Books and Movies, Musings

This Is Real Life, And It Is An Epic

Every heart has a story to tell
Some dreams have wings, some are torn at the seams
and just sit there on the shelf
If you were to walk in my shoes
You’d see we are all the same
So find the love inside yourself
Cause every heart has a story to tell
This is my heart
This is my story to tell

I really love Pandora. I have found two of my favorite songs by using it. This is the chorus of Every Heart, and it perfectly exemplifies something that’s been rolling around in my brain for a while. I touched on it several months ago, but I think this is an idea that warrants a closer look.

Stories are incredibly powerful things, and I’m not really sure how to describe them. What *is* a story? If pressed for a short answer, I would say it’s a string of related thoughts having to do with and describing an event. But they are so much more than that. They are life. I don’t just mean stories from 10660227_730463573675003_2572696761722264010_nhistory either. But my life is nothing like a storybook. It’s boring. All I do is go to work, eat, and hang out at home. Stop. I mean it. That is no way to talk about an epic masterpiece.

What do you look for in a strong character? You look for complexity, depth, emotion. You look for things that make it real. To the characters in stories, their world is just as real to them as ours is to us. You sit in McDonalds and drink a Dr. Pepper. They sit in an inn and drink a pint (“They come in pints?”) It’s kind of like what I say about the news. Just because something bad is reported on tv doesn’t mean it is a common thing. In fact, if it were common, it wouldn’t be worth noting. [Note: This isn’t strictly true, especially in cases regarding social justice issues.  I’m referring to things like buildings collapsing or people finding anacondas in their bathrooms.] Stories don’t often dwell on the mundane parts of a character’s life. They skim over the irellevent stuff and focus on the important details. We have the luxury of seeing only the good bits. The character doesn’t get that. They have to work their way through life, and they don’t know the outcome. Just like us. They don’t know which details are the important ones, they can make a guess, but there’s no way to know for sure. Just like us.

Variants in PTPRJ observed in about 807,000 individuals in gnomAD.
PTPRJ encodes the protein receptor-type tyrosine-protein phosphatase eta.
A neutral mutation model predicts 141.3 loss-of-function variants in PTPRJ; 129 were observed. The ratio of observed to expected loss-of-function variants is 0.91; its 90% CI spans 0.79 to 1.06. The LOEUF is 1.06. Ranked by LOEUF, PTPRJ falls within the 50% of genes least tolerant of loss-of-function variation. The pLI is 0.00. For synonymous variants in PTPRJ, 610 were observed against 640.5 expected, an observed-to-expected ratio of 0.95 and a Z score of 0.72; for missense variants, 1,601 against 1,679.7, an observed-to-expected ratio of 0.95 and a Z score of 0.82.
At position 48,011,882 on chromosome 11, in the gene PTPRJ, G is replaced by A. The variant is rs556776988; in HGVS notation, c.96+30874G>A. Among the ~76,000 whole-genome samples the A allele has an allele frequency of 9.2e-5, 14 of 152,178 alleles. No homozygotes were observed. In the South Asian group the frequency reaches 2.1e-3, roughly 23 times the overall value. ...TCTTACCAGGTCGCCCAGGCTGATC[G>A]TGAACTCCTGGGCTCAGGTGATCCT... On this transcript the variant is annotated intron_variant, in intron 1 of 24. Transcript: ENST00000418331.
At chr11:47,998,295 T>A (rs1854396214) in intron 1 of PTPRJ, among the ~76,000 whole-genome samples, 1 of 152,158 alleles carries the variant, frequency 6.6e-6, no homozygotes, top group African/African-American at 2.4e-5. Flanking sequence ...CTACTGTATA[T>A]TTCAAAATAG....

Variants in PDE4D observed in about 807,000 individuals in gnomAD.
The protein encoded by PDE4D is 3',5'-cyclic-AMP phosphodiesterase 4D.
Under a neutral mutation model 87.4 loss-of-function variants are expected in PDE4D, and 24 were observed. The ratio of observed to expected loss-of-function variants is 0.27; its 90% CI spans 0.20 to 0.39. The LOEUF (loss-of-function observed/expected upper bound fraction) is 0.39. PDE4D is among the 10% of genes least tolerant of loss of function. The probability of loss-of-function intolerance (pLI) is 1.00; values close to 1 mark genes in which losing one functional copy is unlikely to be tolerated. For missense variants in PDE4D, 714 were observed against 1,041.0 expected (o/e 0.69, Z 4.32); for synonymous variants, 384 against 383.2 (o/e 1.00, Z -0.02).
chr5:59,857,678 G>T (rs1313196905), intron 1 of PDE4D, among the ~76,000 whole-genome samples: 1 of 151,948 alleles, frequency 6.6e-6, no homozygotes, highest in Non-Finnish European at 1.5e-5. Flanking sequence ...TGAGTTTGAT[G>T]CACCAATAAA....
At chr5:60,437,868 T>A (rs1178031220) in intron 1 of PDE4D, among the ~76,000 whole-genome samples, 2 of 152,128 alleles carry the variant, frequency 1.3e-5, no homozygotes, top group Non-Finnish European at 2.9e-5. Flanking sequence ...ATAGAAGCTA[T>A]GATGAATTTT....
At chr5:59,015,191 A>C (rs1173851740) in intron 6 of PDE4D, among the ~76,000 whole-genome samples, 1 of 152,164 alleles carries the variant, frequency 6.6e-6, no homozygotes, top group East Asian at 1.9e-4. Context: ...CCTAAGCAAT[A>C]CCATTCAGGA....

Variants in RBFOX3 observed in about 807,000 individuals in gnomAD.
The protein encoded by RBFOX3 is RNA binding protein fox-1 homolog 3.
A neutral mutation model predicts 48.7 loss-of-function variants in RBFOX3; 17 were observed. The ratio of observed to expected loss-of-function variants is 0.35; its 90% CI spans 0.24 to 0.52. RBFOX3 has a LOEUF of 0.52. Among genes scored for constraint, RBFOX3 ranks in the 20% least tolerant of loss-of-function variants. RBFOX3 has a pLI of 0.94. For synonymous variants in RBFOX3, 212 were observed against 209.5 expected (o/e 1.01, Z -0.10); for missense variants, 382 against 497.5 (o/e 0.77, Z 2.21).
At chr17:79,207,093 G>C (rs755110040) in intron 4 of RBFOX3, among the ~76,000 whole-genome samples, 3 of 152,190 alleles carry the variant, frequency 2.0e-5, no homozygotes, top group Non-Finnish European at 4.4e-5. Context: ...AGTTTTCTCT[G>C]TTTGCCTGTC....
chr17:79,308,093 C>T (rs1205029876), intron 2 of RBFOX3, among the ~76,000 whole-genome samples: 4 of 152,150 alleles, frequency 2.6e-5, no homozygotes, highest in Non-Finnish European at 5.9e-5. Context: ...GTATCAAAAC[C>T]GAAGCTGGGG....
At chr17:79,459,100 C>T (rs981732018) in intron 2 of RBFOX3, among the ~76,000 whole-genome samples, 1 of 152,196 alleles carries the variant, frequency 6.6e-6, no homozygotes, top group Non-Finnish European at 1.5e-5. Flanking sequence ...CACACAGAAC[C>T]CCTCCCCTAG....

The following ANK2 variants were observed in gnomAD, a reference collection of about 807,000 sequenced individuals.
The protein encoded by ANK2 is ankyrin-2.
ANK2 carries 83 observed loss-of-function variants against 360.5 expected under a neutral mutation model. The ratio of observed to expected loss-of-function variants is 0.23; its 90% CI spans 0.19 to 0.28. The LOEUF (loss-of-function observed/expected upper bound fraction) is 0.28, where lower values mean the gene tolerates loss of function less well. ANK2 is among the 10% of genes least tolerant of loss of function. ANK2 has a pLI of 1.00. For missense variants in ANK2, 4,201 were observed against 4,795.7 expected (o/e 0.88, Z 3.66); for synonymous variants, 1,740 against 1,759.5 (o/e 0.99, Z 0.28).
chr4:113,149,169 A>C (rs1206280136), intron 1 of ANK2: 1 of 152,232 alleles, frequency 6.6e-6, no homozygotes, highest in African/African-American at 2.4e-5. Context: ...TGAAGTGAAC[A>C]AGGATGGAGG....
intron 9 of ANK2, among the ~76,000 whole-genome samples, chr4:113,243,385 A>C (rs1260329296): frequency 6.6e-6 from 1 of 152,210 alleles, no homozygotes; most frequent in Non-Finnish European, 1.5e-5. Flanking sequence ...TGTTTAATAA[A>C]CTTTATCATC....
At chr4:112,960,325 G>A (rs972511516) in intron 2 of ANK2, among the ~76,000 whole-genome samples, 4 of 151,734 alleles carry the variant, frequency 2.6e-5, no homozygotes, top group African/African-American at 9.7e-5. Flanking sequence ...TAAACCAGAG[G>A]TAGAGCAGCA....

But what’s the point of telling your story if you don’t know where it’s going to end? What’s the point of waiting? Do you read the last page of a book before you even begin reading the first chapter? I used to think that my story was boring. I grew up in a fairly normal family. Nothing exceptionally tragic has ever happened. But two things happen when you begin telling your tale.

You find out what makes you special. If you never talk about your life with other people, they can’t give you feedback and tell you how weird you are. I knew having 5 siblings wasn’t normal, but I didn’t know living in 5 different states was remarkable. My dad was in the military, moving was normal until I talked to people who had lived in the same state, same town, or even the same house, their entire lives. 

 You find out that you are not alone. Whatever you think may make you an outcast, or unloveable, or weird, someone else is dealing with too. But until you start talking and opening up, both of you will think you are the only person that feels that way. This is why we have fandoms. If we didn’t talk about loving Firefly, we would think we were the only ones obsessing over a bunch of space cowboys. If we didn’t talk about the damage that fundamentalist mindsets do, people would keep getting hurt by them and think they were the ones in the wrong. But since we talk about it, we can find each other.

When you look at your life as a story, it’s easier to see personal progress. As I said in A Bubbling Brook, a well written character changes. You may not catch it, change often happens gradually. There isn’t always an ultimatum.  Just like in a story, you notice those in real life. That sudden instant of realization. Sure, these moments may be turning points, but you don’t just turn without preparing. If you did that while driving, you’d flip the car. If you do that while singing, your voice will probably crack. Without your consent or knowledge, your life so far is leading up to something. Don’t speak disparagingly about what will be your success story.